India contributes approximately 3% to world mangrove area. Largest stretch of mangroves lies in Sunderbans in West Bengal covering an area of about 4,200 sq. km. earliest mangrove species appear to be originated in Indo-Malayan region. Mangroves contribute to food chain that supports coastal fisheries.

These ecosystems are quite productive (350-500 g C m2 yr-1)5 and may show a strong, weak or no special zonation (Tomlinson, 1986) although abundance of individual species may follow salinity gradient. Most species are quite plastic to salinity and prefer a salinity range of 5-30 parts per thousand.

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Ecological investigation on Indian mangrove is poor. One hundred and sixteen plant species are recorded including 59 mangrove 47 algae- and 10 sea grass species. About 65 vascular plant species belonging to 31 families and 59 genera are reported. East coast has 64 vascular species from 42 genera and 29 families.

West coast has 33 species from 24 genera and 19 families. Andaman and Nicobar Islands represent 43 species from 30 genera and 23 families (Banerjee et al., 1998). Eight species occurring on east coast are not represented in west coast. Sunderban alone has 62 species (Banerjee and Ghosh, 1998).

Predominant mangrove species are Avicennia officinalis, Excoecaria agallocha. Heritiera fames, Brugiera parviflora, Ceriops decandra, Rhizophora mucronata and Xylocarpus granatum. Other major genera are Acanthus, Acrostichum, Aegialitis, Aegiceras, Brownlowia, Caesalpinia, Cerbora, Clerodendron, Cynometra, Dalbergia, Derris, Dolichandrone, Finlaysonia, Hibiscus, Hoya, Intsia, Ipomoea, Kandelia, Lumnitzera, Merope, Mucuna, Myriostachya, Nypa, Phoenix, Salvadora, Sarcolobus, Scyphiphora, and Tylophora.

Macro-level environmental factors that determine area, species diversity and biomass of mangrove wetlands of India have analyzed and major mangrove wetlands are classified as tide-dominated, river-dominated and drowned-river valley type (Selvam, 2003).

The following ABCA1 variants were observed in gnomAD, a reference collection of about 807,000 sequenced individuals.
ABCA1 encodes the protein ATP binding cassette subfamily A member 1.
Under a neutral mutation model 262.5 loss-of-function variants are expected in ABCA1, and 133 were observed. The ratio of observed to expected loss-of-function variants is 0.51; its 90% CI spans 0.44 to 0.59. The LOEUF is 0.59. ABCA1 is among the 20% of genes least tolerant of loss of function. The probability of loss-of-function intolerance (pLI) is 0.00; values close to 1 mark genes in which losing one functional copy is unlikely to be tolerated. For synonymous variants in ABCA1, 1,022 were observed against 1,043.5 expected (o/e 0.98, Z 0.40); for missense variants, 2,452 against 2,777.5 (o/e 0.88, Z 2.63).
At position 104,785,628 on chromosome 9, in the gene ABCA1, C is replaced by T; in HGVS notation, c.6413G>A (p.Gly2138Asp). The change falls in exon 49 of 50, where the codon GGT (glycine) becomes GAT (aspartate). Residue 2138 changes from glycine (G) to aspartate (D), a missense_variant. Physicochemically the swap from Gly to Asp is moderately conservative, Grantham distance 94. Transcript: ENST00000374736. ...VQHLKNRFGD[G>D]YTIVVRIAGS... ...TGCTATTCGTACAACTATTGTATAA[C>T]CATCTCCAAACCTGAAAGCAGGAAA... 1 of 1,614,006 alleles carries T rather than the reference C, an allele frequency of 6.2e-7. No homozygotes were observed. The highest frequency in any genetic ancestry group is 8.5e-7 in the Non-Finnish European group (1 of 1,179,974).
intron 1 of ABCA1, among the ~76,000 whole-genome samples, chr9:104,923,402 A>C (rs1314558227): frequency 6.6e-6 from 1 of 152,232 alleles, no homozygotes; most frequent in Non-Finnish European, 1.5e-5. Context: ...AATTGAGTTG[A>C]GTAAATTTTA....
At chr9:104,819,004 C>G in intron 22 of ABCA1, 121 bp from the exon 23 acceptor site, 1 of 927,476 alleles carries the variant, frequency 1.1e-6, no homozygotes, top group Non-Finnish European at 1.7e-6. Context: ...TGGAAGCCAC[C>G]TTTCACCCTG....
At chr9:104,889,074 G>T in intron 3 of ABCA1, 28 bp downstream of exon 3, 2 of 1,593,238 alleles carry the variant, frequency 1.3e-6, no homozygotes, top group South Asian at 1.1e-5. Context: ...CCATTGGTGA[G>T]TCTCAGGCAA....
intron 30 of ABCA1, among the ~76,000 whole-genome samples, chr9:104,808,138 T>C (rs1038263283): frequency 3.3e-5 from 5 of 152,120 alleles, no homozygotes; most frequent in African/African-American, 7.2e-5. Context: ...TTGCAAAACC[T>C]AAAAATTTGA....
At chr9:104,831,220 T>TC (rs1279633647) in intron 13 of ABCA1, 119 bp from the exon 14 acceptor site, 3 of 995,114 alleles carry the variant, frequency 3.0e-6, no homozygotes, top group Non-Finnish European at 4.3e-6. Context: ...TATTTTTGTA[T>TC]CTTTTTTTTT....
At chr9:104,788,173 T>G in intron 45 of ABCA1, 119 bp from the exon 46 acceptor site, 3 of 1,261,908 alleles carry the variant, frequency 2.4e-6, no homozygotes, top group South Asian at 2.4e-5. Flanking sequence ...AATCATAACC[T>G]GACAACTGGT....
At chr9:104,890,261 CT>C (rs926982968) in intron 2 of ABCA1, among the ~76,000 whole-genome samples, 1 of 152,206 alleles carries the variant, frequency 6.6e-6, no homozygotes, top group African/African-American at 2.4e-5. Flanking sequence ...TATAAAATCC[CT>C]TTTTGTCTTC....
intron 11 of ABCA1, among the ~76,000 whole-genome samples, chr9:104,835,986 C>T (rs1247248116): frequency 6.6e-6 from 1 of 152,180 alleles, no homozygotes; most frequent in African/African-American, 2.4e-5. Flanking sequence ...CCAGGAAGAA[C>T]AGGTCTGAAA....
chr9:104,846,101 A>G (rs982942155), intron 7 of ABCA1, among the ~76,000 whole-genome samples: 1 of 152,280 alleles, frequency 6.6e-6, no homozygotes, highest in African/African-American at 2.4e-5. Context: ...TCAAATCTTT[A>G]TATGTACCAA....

Bunding, erosion and deposition cause changes in tides and currents, which in turns have impact on mangroves. Herbicides and defoliants applied in coastal crop lands pollute mangrove habitats.

Mangroves metabolize organic wastes and are termed as natural sewage treatment works. They utilize excess nutrients to increase productivity although continuous excessive inputs of nutrients may adversely affect mangroves. Mangrove vegetation of Kaveiy delta has substantially suffered due to geomorphic and anthropogenic interferences. Structural changes are noticed in Pichavaram and Muthupet areas.

Out of 6986 and 6559 ha of mangrove area respectively in Bhitarkanika and Mahanadi sites in Orissa, 5-30% and 20-60% degraded mangrove vegetation are recorded. About 20 villages in Mahandi area and 59 villages in Bhitarkanika area depend on mangroves from Chilka. Hetamundia, Kujary and from Istharus of Subernarekha and Jatadhar have already disappeared.

Forests of Bagapatia and Sunei-Rupei were cleared for rehabilitation purposes. Conflicts between traditional and commercial fishing practices degrades mangrove. Mangrove areas are ideal to undertake conventional aquaculture practices which do not damage ecosystem.

Small scale community based fisheries may be encouraged as 95% of coastal population is engaged in this sector. Such communities use only 10% of energy of large scale fisheries corporate sector to contribute half of world catch.

Interest and right of local communities must be safeguarded. Prawn farming projects, which are established close to mangrove and estuarine areas, for earning large sums of money in shortest possible time, need to be discouraged for their adverse affects on ecosystems. Mangrove areas can be used for development of ecotourism, recreation, education and for creating public awareness on aspects of nature conservation (IUCN, UNEP, WWF, 1991).